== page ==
• Publication date: September 17, 2009

The Godfather The Godfather

Widely cited as one of the three greatest films of all-time, “The Godfather” ...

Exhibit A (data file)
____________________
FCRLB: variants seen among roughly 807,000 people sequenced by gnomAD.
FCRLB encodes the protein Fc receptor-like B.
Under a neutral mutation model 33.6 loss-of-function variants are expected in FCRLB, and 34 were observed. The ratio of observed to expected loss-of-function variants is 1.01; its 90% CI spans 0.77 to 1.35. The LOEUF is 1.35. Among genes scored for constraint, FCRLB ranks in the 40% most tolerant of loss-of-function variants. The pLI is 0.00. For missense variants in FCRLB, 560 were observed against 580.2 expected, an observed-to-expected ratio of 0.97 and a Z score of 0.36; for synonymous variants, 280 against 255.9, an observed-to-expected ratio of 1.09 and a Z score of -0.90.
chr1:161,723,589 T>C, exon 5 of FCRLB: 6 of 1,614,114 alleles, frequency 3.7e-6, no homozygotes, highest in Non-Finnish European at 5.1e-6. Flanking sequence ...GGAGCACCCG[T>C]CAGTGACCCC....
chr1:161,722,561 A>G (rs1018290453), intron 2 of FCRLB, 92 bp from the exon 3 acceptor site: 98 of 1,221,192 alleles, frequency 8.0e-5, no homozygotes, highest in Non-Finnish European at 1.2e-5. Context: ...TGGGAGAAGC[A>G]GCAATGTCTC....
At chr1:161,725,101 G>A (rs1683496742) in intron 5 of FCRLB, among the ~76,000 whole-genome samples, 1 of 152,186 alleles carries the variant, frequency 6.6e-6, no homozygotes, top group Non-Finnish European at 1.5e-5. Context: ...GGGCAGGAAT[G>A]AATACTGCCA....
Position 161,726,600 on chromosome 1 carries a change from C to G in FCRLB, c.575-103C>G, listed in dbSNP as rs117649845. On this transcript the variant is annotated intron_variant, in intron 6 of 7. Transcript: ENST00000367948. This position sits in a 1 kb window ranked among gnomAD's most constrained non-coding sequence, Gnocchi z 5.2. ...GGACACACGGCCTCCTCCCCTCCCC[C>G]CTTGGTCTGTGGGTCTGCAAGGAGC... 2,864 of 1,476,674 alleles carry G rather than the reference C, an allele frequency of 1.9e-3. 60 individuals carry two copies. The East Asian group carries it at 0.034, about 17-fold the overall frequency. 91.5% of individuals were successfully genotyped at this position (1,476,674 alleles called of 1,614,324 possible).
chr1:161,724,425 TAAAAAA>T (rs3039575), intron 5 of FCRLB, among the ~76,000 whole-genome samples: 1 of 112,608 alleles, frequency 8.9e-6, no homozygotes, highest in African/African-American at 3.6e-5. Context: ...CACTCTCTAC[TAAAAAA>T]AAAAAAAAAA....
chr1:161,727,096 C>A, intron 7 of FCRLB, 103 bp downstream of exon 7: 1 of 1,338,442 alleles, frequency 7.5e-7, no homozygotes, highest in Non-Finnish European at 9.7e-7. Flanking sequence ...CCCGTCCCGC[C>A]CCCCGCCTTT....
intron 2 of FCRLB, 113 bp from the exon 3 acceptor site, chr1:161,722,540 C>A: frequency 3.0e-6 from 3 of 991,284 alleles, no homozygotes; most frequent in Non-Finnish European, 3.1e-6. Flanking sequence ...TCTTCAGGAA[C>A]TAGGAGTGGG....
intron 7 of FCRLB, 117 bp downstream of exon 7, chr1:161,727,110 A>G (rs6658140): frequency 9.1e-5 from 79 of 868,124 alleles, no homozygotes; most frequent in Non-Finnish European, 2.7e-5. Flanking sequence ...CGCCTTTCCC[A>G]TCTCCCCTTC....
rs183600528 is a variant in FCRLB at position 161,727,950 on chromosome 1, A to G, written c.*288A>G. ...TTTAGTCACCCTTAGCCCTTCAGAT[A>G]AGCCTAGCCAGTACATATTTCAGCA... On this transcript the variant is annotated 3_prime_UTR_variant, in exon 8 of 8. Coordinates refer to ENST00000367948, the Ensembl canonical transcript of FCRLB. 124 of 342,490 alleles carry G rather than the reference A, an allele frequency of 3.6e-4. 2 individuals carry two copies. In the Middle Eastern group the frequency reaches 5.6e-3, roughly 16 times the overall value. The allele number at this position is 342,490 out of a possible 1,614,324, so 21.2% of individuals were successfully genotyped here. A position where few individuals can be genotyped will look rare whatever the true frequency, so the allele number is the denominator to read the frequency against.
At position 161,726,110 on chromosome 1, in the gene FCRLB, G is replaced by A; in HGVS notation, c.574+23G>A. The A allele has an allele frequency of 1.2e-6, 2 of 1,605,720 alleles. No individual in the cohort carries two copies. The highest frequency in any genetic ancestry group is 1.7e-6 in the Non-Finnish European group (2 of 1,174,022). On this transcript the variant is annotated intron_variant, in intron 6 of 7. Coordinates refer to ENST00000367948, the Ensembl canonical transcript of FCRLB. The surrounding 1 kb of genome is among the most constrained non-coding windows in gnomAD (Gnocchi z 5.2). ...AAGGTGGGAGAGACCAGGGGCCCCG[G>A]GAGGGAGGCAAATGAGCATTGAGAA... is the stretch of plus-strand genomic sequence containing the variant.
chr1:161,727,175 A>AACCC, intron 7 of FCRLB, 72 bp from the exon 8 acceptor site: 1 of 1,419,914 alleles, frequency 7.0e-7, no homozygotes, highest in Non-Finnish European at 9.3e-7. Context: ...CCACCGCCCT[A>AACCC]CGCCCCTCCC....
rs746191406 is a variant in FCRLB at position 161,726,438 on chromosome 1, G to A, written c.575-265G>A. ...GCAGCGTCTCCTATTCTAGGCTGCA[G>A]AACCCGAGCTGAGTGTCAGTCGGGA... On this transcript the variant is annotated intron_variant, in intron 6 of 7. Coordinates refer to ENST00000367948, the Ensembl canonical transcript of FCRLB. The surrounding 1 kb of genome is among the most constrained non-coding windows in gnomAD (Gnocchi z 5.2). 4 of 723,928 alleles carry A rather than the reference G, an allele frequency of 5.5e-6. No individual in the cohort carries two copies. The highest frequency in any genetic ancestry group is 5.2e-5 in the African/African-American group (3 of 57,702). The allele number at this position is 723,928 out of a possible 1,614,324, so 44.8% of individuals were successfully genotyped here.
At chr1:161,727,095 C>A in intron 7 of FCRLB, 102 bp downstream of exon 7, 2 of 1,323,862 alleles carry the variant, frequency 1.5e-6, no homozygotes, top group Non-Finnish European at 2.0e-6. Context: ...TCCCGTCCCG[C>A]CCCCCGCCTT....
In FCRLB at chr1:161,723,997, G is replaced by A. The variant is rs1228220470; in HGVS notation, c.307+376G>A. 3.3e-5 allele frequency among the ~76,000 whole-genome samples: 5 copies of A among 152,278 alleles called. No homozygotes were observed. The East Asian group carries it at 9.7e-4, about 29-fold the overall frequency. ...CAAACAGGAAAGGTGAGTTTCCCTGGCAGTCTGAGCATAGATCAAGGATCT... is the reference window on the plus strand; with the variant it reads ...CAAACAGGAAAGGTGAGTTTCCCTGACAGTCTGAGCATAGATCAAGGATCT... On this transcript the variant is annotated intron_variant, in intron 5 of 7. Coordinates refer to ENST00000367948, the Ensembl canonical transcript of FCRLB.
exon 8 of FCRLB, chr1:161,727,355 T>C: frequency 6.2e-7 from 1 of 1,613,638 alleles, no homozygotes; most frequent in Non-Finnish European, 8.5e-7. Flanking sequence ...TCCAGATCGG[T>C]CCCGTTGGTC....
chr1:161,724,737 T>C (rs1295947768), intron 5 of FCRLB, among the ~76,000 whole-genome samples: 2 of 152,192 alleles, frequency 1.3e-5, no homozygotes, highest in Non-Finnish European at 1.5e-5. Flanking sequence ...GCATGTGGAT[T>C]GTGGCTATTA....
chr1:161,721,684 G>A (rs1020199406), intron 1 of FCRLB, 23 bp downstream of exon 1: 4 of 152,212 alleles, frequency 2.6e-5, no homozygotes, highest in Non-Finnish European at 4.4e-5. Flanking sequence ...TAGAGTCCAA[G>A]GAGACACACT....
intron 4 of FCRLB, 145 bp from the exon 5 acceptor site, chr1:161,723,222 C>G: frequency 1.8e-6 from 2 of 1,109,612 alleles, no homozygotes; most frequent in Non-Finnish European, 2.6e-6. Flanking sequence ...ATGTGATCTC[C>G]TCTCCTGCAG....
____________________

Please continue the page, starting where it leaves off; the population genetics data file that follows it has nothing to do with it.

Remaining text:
Widely cited as one of the three greatest films of all-time, “The Godfather” is the quintessential American mobster movie. Francis Ford Coppola’s 1972 epic became the template for countless Italian-American mafia stories that would follow. Audiences have continually been fascinated by the alluring world existing just below the surface of legitimate society, where men wield enormous power, and scenes of familial affection are often followed by moments of cold and brutal violence. Coppola’s film is an adaptation of Mario Puzo’s novel of the same name, written three years earlier. It took in over $100 million worldwide and permanently established Coppola’s reputation as one of America’s top filmmakers. Marlon Brando, for his portrayal of mob boss—and “Godfather”—Don Vito Corleone, won an Oscar for Best Actor in a Leading Role. Equally notable is Al Pacino, who makes his first appearance in a major film, as the Don’s son and heir apparent, Michael Corleone. When the film opens, Michael is a young man who has just returned home after serving in World War II. Because of his extended absence, Michael has not been involved in the family’s business, and sees himself as separate from their criminal activities. Virgil Sollozzo (Al Lettieri), as a representative of the rival Tattaglia family, pays a visit to Don Corleone to discuss financing and protection for a drug smuggling operation. Don Vito balks at the idea and decides to send his henchman, Luca Brasi (Lenny Montana), to look in on Sollozzo’s organization. But while on his mission, Brasi’s presence is discovered and he is strangled to death. Shortly after, Don Corleone is shot in an attempted assassination. With his father lying in the hospital, and the situation now made personal, Michael is forced to take over the reigns of the family business in the midst of an all-out mob war. Can he hope to eventually turn the family business legit as he had envisioned, or is he already in too deep? While “The Godfather” is appropriately set with 1940s saloon cars and tommy guns, the film quality is distinctly 1970s, with lots of sharp browns and grays. These scenes of inner city Italian-American life are accompanied by the gloomily evocative music of the Italian composer and Federico Fellini associate, Nino Rota (La Dolce Vita, 8 ½). This movie is rated R for its violence and strong adult language.